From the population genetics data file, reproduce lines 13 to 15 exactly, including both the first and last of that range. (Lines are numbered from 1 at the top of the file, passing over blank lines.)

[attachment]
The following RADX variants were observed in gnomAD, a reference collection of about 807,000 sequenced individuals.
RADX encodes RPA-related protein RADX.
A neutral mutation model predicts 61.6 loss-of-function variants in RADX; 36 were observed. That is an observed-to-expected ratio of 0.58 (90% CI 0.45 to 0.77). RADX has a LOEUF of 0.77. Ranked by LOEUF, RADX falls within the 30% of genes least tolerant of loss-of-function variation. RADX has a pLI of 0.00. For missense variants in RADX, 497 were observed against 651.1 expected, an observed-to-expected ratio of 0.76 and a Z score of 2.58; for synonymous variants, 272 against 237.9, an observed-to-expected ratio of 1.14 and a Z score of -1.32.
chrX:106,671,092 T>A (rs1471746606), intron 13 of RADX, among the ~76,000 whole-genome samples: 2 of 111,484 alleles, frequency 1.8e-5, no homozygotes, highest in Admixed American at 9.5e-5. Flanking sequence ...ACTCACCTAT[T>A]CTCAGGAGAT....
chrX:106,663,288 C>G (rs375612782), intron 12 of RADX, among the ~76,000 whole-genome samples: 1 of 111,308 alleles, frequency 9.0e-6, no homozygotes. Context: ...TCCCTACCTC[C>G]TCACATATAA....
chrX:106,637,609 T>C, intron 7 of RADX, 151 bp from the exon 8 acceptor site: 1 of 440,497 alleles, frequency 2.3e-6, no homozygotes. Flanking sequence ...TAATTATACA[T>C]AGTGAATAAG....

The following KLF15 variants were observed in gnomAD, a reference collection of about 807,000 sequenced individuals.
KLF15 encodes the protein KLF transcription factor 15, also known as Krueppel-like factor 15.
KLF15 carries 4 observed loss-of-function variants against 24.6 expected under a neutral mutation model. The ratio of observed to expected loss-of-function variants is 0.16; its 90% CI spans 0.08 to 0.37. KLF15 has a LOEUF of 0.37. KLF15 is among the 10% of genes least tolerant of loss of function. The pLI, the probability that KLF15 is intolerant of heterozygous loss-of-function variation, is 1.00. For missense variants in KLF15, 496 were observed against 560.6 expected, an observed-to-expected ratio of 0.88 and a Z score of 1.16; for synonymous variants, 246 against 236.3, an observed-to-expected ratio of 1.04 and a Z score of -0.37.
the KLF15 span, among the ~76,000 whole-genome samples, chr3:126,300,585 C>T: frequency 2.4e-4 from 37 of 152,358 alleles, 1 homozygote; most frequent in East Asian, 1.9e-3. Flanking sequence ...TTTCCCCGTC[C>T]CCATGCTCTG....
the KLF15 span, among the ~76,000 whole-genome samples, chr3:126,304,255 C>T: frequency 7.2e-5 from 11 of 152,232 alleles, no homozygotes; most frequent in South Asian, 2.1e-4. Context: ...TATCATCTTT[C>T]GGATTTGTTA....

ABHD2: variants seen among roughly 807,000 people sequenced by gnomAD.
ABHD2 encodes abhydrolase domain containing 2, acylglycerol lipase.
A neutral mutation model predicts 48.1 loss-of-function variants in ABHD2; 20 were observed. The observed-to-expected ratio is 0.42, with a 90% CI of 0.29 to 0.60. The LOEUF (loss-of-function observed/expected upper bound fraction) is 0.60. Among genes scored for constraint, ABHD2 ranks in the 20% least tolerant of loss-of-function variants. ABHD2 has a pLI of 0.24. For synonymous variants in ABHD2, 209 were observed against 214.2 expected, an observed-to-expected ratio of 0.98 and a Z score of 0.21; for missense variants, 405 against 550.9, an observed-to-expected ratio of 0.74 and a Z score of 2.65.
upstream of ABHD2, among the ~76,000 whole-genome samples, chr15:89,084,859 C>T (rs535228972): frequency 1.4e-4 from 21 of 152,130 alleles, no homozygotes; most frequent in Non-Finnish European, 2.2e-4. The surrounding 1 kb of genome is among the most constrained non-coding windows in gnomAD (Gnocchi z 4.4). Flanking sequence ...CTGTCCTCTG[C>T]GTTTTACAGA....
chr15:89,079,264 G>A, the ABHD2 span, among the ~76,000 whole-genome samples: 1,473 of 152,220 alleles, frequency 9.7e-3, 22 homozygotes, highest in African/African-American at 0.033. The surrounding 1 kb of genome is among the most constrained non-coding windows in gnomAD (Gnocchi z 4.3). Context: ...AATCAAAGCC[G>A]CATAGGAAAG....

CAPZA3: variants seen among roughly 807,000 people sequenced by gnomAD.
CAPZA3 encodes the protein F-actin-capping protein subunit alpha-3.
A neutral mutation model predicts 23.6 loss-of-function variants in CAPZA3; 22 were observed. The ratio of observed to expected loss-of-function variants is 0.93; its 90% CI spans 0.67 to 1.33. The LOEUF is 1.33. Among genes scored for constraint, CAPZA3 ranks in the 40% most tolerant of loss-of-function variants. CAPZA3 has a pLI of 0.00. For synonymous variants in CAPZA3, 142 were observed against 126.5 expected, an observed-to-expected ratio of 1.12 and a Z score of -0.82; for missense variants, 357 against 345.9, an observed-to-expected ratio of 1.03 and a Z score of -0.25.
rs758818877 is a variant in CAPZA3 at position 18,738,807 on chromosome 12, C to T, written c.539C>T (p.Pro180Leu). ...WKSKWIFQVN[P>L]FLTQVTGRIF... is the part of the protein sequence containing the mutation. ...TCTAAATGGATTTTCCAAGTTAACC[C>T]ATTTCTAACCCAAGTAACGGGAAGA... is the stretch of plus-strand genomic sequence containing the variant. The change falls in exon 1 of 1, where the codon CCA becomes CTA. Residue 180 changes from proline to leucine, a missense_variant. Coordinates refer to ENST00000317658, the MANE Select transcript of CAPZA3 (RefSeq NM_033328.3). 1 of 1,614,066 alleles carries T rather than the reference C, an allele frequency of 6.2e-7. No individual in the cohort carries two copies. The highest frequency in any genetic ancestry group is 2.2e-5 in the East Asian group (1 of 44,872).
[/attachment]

ABHD2 encodes abhydrolase domain containing 2, acylglycerol lipase.
A neutral mutation model predicts 48.1 loss-of-function variants in ABHD2; 20 were observed. The observed-to-expected ratio is 0.42, with a 90% CI of 0.29 to 0.60. The LOEUF (loss-of-function observed/expected upper bound fraction) is 0.60. Among genes scored for constraint, ABHD2 ranks in the 20% least tolerant of loss-of-function variants. ABHD2 has a pLI of 0.24. For synonymous variants in ABHD2, 209 were observed against 214.2 expected, an observed-to-expected ratio of 0.98 and a Z score of 0.21; for missense variants, 405 against 550.9, an observed-to-expected ratio of 0.74 and a Z score of 2.65.
upstream of ABHD2, among the ~76,000 whole-genome samples, chr15:89,084,859 C>T (rs535228972): frequency 1.4e-4 from 21 of 152,130 alleles, no homozygotes; most frequent in Non-Finnish European, 2.2e-4. The surrounding 1 kb of genome is among the most constrained non-coding windows in gnomAD (Gnocchi z 4.4). Flanking sequence ...CTGTCCTCTG[C>T]GTTTTACAGA....